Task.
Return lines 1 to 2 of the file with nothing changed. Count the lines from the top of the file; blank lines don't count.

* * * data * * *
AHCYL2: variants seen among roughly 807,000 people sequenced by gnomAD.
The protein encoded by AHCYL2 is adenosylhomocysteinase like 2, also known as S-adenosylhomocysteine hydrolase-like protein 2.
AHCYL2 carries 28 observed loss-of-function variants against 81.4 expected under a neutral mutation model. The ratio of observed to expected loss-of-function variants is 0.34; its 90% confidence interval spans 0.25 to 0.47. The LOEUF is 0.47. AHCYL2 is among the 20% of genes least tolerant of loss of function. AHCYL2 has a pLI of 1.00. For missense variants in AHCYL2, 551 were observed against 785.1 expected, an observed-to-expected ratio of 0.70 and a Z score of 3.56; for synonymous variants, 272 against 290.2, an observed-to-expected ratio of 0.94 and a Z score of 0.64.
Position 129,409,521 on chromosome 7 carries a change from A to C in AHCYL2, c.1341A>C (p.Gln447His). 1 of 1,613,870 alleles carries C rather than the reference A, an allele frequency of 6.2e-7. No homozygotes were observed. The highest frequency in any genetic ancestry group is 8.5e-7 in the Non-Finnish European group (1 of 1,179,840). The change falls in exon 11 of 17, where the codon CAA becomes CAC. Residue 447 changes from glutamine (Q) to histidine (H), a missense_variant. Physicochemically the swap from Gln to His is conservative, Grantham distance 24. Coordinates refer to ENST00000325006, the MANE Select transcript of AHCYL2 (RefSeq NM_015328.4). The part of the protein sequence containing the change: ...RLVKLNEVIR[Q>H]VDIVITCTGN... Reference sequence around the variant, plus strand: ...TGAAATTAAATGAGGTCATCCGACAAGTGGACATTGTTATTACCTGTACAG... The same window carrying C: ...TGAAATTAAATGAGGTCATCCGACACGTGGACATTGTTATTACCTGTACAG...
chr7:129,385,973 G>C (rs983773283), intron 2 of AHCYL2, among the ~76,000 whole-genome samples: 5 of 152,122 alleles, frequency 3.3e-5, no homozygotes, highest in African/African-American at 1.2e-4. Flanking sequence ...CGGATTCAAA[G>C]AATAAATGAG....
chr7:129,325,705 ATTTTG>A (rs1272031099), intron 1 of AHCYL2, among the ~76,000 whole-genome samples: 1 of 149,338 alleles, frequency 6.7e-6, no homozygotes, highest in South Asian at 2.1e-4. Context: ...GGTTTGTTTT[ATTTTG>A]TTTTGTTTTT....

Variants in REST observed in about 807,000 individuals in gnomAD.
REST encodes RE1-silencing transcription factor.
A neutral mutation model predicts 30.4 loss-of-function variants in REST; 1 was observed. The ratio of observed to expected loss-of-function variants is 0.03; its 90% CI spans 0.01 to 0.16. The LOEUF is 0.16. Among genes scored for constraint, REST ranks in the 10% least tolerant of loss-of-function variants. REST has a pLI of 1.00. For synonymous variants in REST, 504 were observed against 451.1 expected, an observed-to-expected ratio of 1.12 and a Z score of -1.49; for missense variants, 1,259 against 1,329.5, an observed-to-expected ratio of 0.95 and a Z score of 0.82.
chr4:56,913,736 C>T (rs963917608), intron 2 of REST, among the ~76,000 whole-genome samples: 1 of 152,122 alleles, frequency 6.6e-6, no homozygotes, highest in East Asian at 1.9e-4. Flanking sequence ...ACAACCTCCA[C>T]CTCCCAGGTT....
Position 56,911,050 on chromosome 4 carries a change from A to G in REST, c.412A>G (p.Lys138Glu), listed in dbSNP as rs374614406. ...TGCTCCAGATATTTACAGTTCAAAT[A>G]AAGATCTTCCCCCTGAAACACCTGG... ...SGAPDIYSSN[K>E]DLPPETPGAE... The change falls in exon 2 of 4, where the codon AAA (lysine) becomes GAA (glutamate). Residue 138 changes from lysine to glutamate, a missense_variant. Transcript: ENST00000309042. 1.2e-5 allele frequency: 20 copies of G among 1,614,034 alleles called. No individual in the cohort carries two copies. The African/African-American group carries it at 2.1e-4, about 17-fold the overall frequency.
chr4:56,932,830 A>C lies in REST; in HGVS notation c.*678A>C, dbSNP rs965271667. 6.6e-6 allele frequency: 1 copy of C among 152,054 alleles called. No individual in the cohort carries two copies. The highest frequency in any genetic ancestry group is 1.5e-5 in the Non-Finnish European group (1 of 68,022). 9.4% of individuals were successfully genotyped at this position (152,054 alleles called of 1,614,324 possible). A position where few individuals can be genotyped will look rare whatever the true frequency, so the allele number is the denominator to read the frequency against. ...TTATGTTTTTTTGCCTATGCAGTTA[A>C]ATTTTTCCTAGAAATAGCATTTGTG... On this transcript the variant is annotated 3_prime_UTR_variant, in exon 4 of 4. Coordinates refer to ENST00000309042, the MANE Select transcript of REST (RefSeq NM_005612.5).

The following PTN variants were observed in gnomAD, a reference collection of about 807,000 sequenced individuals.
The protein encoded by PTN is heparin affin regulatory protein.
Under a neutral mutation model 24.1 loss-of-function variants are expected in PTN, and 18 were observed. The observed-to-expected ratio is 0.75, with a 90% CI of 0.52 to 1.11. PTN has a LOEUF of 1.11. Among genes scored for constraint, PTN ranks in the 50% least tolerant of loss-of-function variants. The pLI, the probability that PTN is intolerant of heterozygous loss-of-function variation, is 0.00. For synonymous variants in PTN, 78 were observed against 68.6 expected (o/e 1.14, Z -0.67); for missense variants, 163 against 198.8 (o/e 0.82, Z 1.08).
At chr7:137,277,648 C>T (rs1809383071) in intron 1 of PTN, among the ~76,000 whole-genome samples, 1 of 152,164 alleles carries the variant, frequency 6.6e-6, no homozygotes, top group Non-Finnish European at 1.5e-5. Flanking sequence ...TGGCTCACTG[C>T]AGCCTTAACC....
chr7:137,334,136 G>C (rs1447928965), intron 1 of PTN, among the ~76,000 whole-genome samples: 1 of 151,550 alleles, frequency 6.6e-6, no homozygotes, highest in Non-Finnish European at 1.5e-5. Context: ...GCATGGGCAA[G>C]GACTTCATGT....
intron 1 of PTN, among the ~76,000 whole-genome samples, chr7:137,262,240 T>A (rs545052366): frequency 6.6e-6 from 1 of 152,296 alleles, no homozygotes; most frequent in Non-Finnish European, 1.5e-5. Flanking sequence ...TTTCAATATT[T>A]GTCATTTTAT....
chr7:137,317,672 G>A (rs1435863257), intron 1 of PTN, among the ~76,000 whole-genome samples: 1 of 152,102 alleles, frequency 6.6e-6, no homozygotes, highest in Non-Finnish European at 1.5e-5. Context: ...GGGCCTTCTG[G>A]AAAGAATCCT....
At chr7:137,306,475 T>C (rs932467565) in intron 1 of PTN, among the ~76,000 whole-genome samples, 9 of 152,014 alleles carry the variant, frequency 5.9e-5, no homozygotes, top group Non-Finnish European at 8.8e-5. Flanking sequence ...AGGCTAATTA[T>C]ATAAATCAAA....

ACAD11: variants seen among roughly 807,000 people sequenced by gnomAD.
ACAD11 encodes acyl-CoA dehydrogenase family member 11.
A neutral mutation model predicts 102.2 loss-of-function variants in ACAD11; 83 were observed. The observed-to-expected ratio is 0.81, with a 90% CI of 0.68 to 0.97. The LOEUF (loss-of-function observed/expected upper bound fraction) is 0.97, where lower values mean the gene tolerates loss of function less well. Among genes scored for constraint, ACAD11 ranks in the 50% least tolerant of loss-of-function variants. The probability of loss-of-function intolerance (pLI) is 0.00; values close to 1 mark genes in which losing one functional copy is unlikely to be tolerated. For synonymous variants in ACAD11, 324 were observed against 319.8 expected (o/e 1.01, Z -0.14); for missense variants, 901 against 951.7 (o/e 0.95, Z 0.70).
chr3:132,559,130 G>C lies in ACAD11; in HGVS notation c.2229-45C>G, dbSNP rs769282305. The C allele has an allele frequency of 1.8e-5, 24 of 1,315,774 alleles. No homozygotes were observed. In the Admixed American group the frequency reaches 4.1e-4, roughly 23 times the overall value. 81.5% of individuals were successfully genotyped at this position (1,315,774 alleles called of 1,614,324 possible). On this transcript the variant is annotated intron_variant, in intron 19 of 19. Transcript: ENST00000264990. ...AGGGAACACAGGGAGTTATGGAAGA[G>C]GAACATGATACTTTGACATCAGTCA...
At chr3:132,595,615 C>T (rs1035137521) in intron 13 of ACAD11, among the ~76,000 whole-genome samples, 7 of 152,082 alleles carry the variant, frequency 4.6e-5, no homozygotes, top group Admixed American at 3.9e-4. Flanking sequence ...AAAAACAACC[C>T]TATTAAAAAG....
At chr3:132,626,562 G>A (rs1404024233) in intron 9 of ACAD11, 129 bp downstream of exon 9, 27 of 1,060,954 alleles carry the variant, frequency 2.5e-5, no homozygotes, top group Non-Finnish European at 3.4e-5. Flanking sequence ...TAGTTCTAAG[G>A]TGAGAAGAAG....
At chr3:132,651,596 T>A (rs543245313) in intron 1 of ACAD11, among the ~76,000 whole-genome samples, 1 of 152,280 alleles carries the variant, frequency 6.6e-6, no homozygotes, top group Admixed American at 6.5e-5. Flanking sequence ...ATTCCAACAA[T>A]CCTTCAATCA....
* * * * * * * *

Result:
AHCYL2: variants seen among roughly 807,000 people sequenced by gnomAD.
The protein encoded by AHCYL2 is adenosylhomocysteinase like 2, also known as S-adenosylhomocysteine hydrolase-like protein 2.